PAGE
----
Stock damping-rod forks are notorious for a poor ride over sharper-edged road imperfections, and the factory spring rates are typically very soft. This leads to difficulties in handling on a racetrack. At higher speeds what would have been softer bumps in the road are now harder. To overcome the deficiencies of the stock forks, I purchased a new set of springs that are more appropriate for my weight and riding style, and a set of Race Tech cartridge emulators.
The Emulators replace the simple bleed orifice in the damping-rod style forks with a progressive-bleed spring-loaded set of spring-steel discs. They allow a damping-rod fork to behave like a higher-dollar cartridge-fork, with different low-speed and high-speed damping rates (here, low- and high-speed refer to the travel or compression rate of the fork, not necessarily the speed of the motorcycle). Rebound damping is still handled by the upper bleedhole in the damping rod, but is controlled by the weight of the oil in an emulator-equipped fork.
For $210 from my local go-faster store, I got a pair of Emulators and 1.0 kg/mm springs for my ZX-6E. For $8.99 more, I bought a bottle of Silkolene 15W Fork oil, and for $12.99 I ordered a set of replacement oil seals from Peak Moto. I broke down and purchased OEM Kawasaki dust seals for $14.99/pr. I now had all the parts to rebuild my forks - there are some inner bushings that seldom wear out, and in my case I held off purchasing until I could inspect them. Turns out this was the right choice.
Saturday dawned, but I was already up for two hours. The family and I are going to be busy Sunday morning, leaving me only a few hours to complete the fork upgrade on the ZX-6E track bike.
Well, Saturdays and a sense of urgency are a bad combination for me. First the kids woke up, then Mommy wanted breakfast, and then I had to go get a haircut. Whew, 1.5 hours of daylight burnt!
The 6E has a 14mm hex-socketed axle with a 12mm hex-socketed nut. Now, the 10R has a 14mm hex-socketed axle nut, so I had half the equation... but trying to get a solution to break that 12mm nut free on the 6E was a giant exercise in futility. Two hours of frustrated phone calls later, I broke down and drove to Sears to get a 12mm Allen key. One big-assed breaker pipe cheater later, I broke the nut free. Time spent getting the tool: 2 hours. Time spent using the tool: 3 seconds.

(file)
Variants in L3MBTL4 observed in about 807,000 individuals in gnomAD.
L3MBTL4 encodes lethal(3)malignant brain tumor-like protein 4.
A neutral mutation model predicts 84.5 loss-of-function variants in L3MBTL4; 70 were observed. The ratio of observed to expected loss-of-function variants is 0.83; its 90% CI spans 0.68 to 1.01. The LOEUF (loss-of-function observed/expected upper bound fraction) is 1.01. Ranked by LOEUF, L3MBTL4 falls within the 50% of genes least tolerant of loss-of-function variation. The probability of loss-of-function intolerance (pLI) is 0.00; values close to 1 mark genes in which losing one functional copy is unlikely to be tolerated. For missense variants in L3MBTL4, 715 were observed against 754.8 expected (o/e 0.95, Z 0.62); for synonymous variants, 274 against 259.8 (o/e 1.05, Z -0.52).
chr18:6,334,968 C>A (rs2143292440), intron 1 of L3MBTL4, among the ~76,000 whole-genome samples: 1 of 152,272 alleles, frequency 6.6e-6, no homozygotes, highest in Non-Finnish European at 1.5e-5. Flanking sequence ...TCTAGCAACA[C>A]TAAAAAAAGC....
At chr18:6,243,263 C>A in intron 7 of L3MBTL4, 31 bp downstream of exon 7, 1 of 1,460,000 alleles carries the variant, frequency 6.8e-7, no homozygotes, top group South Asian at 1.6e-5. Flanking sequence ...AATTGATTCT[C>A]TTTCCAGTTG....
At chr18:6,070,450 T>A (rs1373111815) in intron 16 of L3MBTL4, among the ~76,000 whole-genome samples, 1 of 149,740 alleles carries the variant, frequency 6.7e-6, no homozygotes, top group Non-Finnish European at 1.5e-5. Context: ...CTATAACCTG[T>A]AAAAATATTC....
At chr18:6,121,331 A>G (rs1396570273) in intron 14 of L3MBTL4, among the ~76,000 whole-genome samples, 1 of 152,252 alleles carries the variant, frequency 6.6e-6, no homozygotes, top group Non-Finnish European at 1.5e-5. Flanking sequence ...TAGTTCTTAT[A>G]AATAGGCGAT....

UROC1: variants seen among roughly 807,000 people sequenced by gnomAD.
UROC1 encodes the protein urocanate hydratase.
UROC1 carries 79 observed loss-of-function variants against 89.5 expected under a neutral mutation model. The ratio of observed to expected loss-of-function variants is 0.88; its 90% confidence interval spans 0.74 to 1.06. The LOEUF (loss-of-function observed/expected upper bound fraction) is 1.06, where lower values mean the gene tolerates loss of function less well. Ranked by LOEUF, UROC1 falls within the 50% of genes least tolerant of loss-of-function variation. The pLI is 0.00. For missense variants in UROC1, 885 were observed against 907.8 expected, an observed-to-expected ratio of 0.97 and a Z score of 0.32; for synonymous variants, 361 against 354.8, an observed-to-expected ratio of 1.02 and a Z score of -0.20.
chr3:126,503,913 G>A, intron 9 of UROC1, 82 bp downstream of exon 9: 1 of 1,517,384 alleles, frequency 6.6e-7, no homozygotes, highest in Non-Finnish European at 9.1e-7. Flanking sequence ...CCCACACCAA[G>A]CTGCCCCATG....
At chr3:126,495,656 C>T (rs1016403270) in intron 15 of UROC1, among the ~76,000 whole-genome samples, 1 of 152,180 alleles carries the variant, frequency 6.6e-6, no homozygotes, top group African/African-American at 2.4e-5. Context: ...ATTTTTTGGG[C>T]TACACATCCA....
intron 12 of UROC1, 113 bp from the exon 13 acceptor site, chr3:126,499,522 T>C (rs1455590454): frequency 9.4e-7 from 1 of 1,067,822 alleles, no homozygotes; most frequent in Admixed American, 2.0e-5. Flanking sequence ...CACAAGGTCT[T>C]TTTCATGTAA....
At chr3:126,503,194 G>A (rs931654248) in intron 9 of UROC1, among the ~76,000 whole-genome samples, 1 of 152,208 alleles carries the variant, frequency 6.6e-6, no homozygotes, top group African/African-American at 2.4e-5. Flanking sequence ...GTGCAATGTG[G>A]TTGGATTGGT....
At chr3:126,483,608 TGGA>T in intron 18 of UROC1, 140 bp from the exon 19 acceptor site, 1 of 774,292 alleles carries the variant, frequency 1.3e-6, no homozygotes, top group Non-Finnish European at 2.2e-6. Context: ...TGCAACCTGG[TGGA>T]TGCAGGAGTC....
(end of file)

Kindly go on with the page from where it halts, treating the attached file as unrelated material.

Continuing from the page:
At this point my wife realized it was better to let me continue, as I probably would have fumed all day if she stopped me...
I took the front suspension off the bike, but quickly got frustrated again by the cap mechanism on these forks. Its a simple cir clip (inside snap-ring, sort of). Every attempt to push the cap down resulted in compressing the fork instead. I got clever, though, and put the fork back in the top triple clamp, and used a sort-of C-clamp and a 1/2 inch drive socket to compress the spring and remove the clip. No fuss, no muss.
Next came disassembling the fork, straightforward at last. Pulled out the damping rod, and drilled the holes to remove the damping capability. Chamfered and wire-brushed the holes, and started to reassemble the forks.
The seal driver I use is a nifty thing. I cut about a 5 inch section of 1 1/4 inch sched 40 PVC pipe, then saw it in half the long way. I heat the halves over the gas stove, and then clap it against the fork slider so that it rehardens at the right diameter. Pure genius, and I have no idea who to attribute it to, but I didnt think of it first.
Next comes driving the bushing into the stanchion, then seating the seal. Replace the inside ring keeper there, and drop in the emulator - I set the preload on it a little higher as Im an aggressive, heavy rider . Be sure to retighten the backing nut if you change the preload.
Install the springs, and look at the preload spacer height on the Race Tech site - 20mm in my case. Time to cut...
Reassembled the fork cap assembly as the reverse of disassembly, and voila! The right fork is done, and I am much happier now than I was six hours ago...
Now I have it down, Ill wait until next weekend to do the other fork.
No pics as the wife had the camera today, but next weekend fer sure...